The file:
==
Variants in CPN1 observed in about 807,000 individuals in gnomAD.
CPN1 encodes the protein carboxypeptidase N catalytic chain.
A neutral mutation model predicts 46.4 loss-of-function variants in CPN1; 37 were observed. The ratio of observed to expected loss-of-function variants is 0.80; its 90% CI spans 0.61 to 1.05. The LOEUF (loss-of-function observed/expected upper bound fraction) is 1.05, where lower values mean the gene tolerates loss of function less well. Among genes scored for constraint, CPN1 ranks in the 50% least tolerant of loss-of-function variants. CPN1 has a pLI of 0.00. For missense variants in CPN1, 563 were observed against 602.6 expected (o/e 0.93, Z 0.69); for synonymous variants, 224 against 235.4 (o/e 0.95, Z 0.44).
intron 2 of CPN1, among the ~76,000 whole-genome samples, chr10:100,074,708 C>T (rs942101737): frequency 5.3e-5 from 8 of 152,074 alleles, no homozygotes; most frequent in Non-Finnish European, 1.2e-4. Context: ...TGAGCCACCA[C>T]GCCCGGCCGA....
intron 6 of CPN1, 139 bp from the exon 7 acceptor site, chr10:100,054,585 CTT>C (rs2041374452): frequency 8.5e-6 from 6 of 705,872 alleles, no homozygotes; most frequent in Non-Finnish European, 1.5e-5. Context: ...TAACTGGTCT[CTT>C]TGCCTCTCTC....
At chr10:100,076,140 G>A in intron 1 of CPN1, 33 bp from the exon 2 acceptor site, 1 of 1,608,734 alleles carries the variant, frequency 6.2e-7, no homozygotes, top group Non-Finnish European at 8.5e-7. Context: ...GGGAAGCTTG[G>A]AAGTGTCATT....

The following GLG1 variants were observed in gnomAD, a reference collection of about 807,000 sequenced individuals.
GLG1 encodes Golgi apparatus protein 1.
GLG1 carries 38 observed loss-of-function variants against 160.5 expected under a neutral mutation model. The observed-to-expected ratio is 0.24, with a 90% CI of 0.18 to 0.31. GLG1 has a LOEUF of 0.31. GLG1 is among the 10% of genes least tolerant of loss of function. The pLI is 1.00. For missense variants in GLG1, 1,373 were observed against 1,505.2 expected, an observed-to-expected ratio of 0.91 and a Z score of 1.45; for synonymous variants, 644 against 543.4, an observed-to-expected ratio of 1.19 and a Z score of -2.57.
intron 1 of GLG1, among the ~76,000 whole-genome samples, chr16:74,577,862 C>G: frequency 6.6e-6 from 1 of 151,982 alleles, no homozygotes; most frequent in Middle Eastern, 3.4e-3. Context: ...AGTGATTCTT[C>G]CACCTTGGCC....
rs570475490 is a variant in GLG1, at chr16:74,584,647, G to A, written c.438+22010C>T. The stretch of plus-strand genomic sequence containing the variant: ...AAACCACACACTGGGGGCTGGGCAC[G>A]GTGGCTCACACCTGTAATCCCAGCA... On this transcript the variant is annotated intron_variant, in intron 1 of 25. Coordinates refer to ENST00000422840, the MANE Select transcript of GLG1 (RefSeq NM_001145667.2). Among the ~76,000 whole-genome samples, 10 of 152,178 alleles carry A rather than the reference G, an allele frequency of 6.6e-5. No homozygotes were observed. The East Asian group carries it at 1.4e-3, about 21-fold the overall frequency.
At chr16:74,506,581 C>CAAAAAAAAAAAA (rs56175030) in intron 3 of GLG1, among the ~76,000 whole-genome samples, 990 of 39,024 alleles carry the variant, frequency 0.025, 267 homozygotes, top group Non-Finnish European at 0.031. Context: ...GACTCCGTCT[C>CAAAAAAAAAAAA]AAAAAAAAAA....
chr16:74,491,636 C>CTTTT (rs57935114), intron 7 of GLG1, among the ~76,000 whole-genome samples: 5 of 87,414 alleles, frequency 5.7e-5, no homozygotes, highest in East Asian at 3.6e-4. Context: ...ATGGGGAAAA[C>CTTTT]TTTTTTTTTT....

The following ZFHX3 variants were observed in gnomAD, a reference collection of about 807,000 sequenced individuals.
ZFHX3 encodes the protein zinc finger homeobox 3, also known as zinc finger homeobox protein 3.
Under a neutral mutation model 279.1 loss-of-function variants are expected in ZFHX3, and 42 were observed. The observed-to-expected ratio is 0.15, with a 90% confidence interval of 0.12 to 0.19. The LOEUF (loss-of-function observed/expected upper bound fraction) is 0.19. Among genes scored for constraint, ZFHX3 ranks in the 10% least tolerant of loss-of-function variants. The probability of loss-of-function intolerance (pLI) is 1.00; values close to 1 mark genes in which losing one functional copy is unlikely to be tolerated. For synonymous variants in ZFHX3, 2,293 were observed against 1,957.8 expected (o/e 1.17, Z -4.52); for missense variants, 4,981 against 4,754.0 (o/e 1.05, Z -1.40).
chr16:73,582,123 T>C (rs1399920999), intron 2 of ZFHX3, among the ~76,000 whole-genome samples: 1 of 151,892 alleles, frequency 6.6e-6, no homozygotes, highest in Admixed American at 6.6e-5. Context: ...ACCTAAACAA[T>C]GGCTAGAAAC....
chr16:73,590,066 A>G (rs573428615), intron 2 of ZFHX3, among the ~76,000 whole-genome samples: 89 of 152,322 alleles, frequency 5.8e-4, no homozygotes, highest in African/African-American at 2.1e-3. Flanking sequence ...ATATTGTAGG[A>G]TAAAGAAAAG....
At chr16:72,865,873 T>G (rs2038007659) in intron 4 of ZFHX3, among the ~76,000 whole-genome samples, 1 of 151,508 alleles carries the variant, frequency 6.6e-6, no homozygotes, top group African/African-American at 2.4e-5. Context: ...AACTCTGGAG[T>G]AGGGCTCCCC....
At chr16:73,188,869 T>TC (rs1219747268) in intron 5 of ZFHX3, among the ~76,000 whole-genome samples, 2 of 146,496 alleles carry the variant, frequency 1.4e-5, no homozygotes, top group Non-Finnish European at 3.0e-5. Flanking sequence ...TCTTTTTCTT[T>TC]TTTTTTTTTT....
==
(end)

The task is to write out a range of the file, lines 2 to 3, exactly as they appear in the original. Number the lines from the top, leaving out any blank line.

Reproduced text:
CPN1 encodes the protein carboxypeptidase N catalytic chain.
A neutral mutation model predicts 46.4 loss-of-function variants in CPN1; 37 were observed. The ratio of observed to expected loss-of-function variants is 0.80; its 90% CI spans 0.61 to 1.05. The LOEUF (loss-of-function observed/expected upper bound fraction) is 1.05, where lower values mean the gene tolerates loss of function less well. Among genes scored for constraint, CPN1 ranks in the 50% least tolerant of loss-of-function variants. CPN1 has a pLI of 0.00. For missense variants in CPN1, 563 were observed against 602.6 expected (o/e 0.93, Z 0.69); for synonymous variants, 224 against 235.4 (o/e 0.95, Z 0.44).